Crows focus on footy: McLeod

Written By malwan milad on Rabu, 20 Februari 2013 | 12.50

Adelaide legend Andrew McLeod talks footy with indigenous footballers Dellick Nelson,15, Gerard Watson,15, and Kingsley Nelson,15, from the Pipalyatjara community. Picture: Dean Martin Source: The Advertiser

CROWS legend Andrew McLeod says Adelaide's premiership hopes have not been dented by the off-season scandals which have rocked the club.

McLeod - dual Norm Smith Medallist in the club's only two premiership wins in 1997 and 1998 - believes the players will "get on with their business'' and be a major player in the premiership race for the second consecutive year.

"I don't think it will impact the way they play their footy,'' said McLeod, speaking at the launch of Adelaide's Aboriginal Youth Leadership and Governance Program.

"The club hasn't had the best off-season but hopefully all that has been put to bed now and the players can move on and do what they do well.

"They went within a kick of making the (grand) final last year and I see no reason why they can't be back there again and perhaps go a step further."


The Crows are still reeling from having key assistant coach Dean Bailey banned for the first 16 rounds of the premiership season for his role in the Melbourne tanking scandal.

He is the third key Adelaide official to be suspended by the AFL, following those of chief executive Steven Trigg (six months) and football operations manager Phil Harper (two months) for their roles in the Kurt Tippett salary cap affair.

McLeod is convinced the off-field dramas will not affect the Crows players' performances but refuted suggestions from list manager David Noble that they could actually galvanise the group.

"I don't think they need that sort of motivation,'' McLeod said.

"If you are looking for motivation that way you are obviously not playing the game for the right reasons.

"They are highly motivated people, sure they've probably spoken about things, but you see them out there training and they are just worried about improving from last year and going one step further.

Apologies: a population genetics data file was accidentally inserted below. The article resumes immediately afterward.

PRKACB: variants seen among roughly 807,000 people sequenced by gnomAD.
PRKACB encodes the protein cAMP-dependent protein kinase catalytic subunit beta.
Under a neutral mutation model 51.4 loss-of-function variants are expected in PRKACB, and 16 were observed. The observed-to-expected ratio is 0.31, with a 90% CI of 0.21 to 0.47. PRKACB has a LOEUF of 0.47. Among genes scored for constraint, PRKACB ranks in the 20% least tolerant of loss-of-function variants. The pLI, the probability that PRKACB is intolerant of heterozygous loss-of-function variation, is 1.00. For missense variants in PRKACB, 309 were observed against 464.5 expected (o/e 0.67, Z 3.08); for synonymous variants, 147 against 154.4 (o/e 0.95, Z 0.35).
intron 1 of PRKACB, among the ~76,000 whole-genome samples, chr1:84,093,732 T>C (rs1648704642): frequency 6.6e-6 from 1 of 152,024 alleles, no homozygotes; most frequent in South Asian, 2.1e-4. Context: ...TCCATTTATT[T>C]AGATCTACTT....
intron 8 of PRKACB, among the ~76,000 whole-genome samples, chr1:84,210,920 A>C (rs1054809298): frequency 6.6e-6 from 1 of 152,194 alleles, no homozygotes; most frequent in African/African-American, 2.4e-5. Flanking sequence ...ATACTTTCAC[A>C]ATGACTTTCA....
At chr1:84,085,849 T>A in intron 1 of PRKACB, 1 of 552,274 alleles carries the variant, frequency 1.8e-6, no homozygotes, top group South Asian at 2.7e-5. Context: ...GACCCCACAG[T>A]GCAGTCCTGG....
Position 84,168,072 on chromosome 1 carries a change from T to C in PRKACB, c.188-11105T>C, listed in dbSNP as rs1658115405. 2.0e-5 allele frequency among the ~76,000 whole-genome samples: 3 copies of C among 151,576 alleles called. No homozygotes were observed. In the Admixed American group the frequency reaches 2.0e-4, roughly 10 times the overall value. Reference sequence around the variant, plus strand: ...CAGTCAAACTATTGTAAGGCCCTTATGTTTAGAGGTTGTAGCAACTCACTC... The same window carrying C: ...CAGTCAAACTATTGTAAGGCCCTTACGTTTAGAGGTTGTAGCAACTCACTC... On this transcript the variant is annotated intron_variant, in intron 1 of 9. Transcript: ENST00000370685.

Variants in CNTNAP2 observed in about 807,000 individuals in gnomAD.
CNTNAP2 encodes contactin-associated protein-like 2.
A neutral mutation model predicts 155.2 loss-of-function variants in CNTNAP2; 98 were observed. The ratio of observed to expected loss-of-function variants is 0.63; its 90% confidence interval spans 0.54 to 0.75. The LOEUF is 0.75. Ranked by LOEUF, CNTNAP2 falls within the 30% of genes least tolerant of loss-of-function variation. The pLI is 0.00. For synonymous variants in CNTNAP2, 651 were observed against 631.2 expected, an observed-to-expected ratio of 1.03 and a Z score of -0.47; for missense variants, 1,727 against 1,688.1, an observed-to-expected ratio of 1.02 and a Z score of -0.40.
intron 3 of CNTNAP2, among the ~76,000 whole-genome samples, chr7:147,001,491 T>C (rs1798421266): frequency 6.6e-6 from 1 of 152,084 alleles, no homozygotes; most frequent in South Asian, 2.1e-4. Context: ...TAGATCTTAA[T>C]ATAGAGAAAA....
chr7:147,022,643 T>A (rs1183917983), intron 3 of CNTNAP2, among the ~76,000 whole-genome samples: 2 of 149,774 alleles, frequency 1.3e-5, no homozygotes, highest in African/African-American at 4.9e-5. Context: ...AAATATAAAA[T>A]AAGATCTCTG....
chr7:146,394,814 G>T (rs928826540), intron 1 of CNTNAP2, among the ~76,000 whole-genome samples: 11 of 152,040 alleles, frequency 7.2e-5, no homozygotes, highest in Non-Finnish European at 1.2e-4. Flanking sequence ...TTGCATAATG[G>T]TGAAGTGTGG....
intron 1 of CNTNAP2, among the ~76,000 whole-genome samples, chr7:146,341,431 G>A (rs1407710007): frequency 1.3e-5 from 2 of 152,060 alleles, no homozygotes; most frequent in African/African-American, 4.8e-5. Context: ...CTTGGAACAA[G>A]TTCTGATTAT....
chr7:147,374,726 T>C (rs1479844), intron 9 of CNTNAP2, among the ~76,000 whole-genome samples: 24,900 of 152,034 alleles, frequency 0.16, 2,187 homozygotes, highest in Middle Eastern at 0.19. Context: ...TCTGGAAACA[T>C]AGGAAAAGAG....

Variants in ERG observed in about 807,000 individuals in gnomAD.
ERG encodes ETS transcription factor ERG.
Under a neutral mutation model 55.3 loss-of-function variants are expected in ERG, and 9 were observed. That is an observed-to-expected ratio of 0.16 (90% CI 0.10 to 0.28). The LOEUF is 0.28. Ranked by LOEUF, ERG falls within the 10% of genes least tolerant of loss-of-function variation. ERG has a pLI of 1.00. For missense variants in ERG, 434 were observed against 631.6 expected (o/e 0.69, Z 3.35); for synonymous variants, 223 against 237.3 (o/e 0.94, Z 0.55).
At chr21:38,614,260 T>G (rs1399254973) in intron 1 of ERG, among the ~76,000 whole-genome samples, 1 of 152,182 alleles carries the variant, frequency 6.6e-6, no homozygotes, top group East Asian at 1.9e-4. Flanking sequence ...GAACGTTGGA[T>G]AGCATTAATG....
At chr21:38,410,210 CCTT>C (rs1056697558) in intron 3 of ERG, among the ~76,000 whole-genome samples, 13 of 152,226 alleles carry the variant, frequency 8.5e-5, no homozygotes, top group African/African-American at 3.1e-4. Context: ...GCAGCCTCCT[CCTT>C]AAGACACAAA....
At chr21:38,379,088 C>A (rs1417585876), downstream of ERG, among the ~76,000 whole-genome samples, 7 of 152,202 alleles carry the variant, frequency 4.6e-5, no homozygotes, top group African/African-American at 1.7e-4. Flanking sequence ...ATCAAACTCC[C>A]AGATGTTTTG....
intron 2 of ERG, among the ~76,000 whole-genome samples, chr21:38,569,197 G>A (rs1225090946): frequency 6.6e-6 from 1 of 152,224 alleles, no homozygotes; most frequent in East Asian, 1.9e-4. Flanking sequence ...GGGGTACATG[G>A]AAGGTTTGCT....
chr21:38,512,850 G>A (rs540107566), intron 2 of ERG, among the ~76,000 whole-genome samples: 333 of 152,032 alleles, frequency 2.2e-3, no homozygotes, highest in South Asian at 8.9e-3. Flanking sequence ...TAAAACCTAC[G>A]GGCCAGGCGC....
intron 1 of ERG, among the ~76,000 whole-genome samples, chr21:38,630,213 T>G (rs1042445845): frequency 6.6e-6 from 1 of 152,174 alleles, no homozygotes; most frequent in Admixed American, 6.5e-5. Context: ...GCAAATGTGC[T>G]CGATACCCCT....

"There's no reason why they can't do that.''

McLeod said Bailey could still have a "valuable role'' to play at the club while he serves his ban "because he's too good a person not to''.

McLeod expressed surprise at the drug allegations which have cast a dark cloud over the competition, describing them as "not nice for the game''.

"But I'm sure from what happens now there will be some things put in place which will see the game go to a new level,'' he said.

The Crows Aboriginal Program aims to assist Year 8 to 12 indigenous children gain leadership and governance skills which will help them to take on leadership roles within their communities and gain employment after school.

The program is managed by McLeod and his wife, Rachael.

"For me to be able to help the Adelaide Football Club nurture and grow these young men and women to become future leaders of their communities and champions of their own people is something pretty close to me,'' McLeod said.

"The Adelaide Football Club was my home for 16 years and for me to be able to step away from football and give something back to the community is pretty special.''


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